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We leave them there for a while, and then we start to throw things at them'” (Dowbiggin 75-6).
In his introduction to the tenth-anniversary edition of , poet Richard Harrison discusses the origins of hockey.
There has long been a debate over whether hockey first developed and was played in Windsor, Nova Scotia, Kingston, Ontario, or Montreal, Quebec.
All creation myths have a place for the way their people experience not just the light and the dark of the seasons of the day, but the light and the darkness in themselves.
Hockey’s simplicity and childish roots offer us the play that we love for its own sake; its skills and speed give us what we admire in those dedicated to excellence.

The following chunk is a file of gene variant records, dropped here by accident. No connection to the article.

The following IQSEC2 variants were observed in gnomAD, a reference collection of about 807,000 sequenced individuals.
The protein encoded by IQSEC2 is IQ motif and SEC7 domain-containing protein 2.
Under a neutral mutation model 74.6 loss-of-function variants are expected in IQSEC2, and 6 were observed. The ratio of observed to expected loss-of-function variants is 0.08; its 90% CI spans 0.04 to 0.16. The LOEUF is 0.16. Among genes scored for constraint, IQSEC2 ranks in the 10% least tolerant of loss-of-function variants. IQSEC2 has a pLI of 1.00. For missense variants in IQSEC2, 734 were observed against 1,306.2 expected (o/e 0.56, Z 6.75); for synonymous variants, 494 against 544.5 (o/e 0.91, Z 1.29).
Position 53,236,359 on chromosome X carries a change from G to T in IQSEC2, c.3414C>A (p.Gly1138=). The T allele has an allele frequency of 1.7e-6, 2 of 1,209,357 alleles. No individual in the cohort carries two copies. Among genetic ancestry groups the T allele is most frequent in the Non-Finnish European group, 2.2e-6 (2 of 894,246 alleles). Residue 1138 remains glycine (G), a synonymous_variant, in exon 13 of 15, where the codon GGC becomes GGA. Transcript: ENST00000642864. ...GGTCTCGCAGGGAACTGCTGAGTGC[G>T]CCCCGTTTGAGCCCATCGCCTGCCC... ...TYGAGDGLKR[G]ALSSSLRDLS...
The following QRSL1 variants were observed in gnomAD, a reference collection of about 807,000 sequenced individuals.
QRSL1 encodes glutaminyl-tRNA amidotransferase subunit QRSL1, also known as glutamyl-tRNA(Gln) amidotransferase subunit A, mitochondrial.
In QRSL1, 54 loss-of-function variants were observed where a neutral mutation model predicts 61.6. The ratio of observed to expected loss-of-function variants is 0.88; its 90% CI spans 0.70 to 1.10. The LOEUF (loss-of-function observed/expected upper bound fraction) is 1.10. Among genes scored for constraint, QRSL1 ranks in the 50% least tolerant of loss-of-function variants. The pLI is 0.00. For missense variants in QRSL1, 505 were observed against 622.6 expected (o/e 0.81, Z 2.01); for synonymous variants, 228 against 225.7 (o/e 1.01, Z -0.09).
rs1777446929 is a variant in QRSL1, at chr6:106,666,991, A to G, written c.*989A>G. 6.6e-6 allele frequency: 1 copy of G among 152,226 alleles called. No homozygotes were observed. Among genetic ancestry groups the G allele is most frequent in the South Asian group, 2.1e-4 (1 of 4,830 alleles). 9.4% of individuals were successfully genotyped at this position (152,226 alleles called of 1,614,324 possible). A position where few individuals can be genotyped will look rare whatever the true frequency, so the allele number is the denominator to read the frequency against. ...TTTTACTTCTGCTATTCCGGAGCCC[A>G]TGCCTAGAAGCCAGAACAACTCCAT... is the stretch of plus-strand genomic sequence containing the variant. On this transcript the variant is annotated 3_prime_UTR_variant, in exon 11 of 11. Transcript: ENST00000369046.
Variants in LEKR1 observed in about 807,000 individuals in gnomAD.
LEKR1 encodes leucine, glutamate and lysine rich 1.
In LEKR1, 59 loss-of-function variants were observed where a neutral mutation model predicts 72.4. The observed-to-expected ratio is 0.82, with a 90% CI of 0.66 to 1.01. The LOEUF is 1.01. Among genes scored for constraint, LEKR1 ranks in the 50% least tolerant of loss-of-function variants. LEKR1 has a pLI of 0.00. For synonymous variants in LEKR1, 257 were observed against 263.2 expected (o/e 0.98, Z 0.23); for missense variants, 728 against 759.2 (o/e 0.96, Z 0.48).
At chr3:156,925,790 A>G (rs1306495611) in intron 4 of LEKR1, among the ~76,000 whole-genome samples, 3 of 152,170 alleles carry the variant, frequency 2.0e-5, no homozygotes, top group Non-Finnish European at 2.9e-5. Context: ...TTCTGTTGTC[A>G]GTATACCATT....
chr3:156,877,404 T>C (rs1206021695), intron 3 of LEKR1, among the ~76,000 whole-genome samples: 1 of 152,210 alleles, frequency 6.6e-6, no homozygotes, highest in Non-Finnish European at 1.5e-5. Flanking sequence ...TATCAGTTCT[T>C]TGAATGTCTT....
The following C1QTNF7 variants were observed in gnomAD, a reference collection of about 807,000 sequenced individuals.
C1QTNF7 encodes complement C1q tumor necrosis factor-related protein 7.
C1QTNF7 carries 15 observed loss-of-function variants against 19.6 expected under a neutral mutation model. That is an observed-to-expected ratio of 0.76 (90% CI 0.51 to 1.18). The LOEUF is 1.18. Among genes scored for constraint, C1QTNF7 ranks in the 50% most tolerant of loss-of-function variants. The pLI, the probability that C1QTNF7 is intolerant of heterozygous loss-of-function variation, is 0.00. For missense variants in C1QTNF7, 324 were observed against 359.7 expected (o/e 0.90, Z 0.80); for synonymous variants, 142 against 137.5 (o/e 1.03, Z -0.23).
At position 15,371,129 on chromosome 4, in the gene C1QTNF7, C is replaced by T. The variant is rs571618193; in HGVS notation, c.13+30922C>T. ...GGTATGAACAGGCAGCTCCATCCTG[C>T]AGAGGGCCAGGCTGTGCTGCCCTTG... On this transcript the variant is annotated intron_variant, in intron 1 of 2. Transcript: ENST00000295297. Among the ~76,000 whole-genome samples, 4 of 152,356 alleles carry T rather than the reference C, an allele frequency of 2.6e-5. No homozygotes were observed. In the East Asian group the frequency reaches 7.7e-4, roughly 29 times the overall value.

Physical aggression, conflict, and violence have long been inherent elements of sporting endeavors, dating back to Roman and medieval contests such as gladiatorial sports, chariot races, and jousting.
Current anecdotal and empirical evidence suggests a link between participating in aggressive contact sports and an increased risk of using violence both in and outside of sporting events.
Indeed, although historians and hockey lovers debate where the first game make have taken place, no one questions the fact that the game develops Canada or, perhaps even that Canada develops out of the game.
As Harrison puts it, “Hockey emerges in the Canadian past at the time the Canada we lived in then as separate communities was being made into Canada we live in now as a people.
As inherently competitive undertakings, games and matches often inspire intense rivalry and conflict between athletic opponents that can involve physical intimidation and altercations.
Athletes in sports characterized by tacit or overt support for verbal and physical intimidation during sporting contests may be at risk for having these behaviors spill over into other arenas of their lives, such as intimate relationships.